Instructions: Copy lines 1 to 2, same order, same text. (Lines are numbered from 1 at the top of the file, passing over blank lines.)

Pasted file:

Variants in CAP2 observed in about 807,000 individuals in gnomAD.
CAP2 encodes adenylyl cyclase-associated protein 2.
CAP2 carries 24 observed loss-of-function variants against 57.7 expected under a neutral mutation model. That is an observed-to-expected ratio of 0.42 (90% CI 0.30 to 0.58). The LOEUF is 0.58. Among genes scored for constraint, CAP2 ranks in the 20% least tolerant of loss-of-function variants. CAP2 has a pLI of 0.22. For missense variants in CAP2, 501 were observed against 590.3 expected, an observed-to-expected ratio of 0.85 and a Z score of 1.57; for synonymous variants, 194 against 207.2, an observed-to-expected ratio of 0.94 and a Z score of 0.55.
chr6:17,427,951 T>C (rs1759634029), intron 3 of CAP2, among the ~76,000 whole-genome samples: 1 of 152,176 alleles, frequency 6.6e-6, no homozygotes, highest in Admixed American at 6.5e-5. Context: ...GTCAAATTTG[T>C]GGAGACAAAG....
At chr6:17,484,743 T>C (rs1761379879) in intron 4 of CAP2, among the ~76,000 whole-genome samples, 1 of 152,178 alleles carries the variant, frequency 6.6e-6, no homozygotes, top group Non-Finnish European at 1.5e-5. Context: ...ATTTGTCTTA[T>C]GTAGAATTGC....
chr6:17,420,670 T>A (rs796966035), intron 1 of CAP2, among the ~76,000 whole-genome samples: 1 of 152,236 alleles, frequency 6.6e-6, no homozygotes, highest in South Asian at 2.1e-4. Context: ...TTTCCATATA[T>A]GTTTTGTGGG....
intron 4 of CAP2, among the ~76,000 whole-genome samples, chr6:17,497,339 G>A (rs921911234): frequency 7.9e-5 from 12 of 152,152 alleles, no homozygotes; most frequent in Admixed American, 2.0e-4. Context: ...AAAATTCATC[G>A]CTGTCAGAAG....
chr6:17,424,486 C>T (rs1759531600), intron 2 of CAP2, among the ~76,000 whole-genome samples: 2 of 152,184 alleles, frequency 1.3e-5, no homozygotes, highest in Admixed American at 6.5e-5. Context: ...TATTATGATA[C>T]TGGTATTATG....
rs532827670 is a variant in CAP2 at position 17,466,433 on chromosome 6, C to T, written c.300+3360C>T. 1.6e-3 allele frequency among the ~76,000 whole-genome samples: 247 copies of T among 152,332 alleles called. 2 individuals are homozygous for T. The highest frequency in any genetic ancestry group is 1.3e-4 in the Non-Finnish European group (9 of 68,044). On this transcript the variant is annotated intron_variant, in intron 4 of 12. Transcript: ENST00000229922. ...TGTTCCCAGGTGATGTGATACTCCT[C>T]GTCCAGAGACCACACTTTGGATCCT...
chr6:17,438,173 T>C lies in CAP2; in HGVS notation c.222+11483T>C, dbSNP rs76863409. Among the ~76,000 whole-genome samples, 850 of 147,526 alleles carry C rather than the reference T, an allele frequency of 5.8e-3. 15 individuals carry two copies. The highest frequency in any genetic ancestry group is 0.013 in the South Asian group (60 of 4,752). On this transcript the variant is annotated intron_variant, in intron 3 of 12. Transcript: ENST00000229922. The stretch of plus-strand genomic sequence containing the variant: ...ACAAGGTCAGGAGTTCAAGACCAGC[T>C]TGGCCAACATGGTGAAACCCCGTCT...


Variants in CAP2 observed in about 807,000 individuals in gnomAD.
CAP2 encodes adenylyl cyclase-associated protein 2.